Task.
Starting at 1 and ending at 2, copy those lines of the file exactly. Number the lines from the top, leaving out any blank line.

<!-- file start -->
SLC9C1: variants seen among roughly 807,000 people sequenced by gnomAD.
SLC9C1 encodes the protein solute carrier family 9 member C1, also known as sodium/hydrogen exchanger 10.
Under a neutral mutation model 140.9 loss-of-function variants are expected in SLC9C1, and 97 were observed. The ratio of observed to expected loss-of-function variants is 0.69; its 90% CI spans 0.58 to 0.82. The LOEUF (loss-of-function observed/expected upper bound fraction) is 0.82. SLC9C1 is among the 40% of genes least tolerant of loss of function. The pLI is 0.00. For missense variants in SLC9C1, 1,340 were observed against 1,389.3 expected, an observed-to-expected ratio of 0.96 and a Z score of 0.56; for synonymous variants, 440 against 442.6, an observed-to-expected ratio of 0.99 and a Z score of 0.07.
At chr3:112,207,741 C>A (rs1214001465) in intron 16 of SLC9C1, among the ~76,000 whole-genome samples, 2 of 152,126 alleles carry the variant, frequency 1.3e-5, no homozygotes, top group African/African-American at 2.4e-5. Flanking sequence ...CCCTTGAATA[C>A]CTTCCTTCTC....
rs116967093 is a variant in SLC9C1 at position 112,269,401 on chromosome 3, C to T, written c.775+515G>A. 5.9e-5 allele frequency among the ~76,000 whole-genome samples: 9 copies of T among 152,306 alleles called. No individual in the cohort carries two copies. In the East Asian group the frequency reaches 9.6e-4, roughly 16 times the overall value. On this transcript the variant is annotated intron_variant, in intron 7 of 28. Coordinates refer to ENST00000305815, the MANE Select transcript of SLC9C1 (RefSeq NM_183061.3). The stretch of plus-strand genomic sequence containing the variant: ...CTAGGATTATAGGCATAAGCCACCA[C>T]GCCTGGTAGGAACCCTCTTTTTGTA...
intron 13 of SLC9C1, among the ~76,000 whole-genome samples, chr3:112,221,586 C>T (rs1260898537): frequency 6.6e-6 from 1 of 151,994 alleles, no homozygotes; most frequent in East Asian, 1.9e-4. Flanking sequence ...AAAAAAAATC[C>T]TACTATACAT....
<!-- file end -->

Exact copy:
SLC9C1: variants seen among roughly 807,000 people sequenced by gnomAD.
SLC9C1 encodes the protein solute carrier family 9 member C1, also known as sodium/hydrogen exchanger 10.